Johanna Agerman Ross firstname.lastname@example.org CREATIVE DIRECTOR
Daren Ellis/See Studio email@example.com DESIGNER
Julia Newcomb, Brett Lampitt FOOTNOTES EDITOR
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Rio Jade Ali, Anna Bates, Heston Blumenthal, Shumi Bose, Andrea Branzi, Felix Chabluk Smith, Aric Chen, David Crowley, Charlotte Cullinan, Sara Fanelli, Shelley Fox, Rafael Gomez‑Moriana, John Hegarty, Fergus Henderson, Mark Hogan, Sam Jacob, Justin McGuirk, Monica Narula, Helena Reckitt, Vera Sacchetti, Tom Scott, Adrian Searle, David Tanguy, Henrietta Thompson, Oliver Wainwright, Julian Worrall. PHOTOS BY
Arthur Arkin, Iwan Baan, Pieter Baert, Tuur Van Balen, Trish Belford, Iñigo Bujedo Aguirre, Kevin Davies, Francois Dumas, Felix Friedmann, Marcus Gaab, Vincent Van Gurp, Marcus W Hansen, Rene Van Der Hulst, Inga Knölke, Michelle Marsh, Maurizio Montalti, Lynton Pepper, Giles Price, Linus Ricard, Marcus Ross, Daniel Rybakken, Kalle Sanner, John Short, Susana Soares, Francesc Torres, Jaime Vazquez, Noah Webb, Jane and Louise Wilson, Luisa Zanani. THANK YOU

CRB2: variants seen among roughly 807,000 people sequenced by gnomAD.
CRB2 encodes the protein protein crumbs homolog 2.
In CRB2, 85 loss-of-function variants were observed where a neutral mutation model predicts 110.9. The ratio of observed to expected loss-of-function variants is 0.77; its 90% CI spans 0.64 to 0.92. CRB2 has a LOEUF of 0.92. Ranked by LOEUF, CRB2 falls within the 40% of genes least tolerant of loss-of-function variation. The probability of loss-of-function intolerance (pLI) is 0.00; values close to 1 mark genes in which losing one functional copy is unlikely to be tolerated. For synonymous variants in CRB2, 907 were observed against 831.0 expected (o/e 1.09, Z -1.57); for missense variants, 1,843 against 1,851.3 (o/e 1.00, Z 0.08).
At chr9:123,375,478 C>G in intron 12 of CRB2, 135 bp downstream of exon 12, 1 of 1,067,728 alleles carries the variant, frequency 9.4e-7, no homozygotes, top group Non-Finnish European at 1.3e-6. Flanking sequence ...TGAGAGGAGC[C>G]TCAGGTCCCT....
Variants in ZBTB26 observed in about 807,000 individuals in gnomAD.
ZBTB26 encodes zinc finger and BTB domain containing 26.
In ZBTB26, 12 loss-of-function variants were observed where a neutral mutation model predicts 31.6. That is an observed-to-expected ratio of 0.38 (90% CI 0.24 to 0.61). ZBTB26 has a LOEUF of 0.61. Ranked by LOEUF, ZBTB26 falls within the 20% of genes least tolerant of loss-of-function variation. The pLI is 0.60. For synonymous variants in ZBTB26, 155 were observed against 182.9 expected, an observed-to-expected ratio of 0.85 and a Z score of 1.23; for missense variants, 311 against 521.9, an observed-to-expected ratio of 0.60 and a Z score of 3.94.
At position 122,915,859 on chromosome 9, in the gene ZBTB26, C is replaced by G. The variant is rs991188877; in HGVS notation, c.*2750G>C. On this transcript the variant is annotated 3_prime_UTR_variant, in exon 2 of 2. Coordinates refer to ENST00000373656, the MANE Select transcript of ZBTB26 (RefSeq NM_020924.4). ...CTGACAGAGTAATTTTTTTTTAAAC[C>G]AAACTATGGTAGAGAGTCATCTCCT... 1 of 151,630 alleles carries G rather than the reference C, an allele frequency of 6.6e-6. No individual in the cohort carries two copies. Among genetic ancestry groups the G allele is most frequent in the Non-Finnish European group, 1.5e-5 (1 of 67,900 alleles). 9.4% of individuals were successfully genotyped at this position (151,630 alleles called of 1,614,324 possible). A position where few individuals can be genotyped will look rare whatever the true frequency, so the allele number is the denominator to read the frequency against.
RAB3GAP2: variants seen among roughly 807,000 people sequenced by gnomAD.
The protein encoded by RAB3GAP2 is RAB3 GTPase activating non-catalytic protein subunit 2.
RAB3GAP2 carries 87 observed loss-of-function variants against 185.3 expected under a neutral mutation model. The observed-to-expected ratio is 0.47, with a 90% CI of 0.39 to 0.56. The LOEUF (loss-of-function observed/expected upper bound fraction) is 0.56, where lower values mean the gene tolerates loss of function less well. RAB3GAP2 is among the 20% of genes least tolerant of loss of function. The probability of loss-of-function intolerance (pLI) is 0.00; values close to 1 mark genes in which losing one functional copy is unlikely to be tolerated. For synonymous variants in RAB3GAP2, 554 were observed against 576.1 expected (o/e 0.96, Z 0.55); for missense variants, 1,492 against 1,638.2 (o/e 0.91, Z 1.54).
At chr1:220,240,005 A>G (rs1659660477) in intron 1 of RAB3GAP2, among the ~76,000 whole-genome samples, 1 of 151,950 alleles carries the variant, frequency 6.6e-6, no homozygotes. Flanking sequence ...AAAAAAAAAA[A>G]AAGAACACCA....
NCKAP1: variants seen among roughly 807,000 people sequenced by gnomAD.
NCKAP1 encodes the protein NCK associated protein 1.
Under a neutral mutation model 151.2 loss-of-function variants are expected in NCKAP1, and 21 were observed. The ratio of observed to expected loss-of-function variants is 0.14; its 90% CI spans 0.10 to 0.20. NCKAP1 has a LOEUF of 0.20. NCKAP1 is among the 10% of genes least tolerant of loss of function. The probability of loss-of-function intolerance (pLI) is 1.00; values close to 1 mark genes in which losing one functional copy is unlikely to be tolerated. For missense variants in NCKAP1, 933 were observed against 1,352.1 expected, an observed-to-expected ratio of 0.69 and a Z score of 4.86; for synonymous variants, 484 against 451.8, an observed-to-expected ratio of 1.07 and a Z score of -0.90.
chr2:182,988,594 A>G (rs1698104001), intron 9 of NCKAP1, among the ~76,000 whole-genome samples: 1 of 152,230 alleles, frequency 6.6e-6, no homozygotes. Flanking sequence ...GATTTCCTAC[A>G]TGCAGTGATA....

To all the contributors who gave their time and talent for free and to Fredrik Jung-Abbou. Without you this magazine would not exist.
Thanks also to Clémence and Didier Krzentowski, Anja Aronowsky-Cronberg, David Myron, Hanna Nova Beatrice, Sofia Lagerkvist, Eldina Begcic, Violetta BoxillRoope, Jere Salonen, Penelope Shaw, Kate Shaw, Rosie Spencer, Madelaine Levy and last, but definitely not least, Biggles. PAPER AND PRINT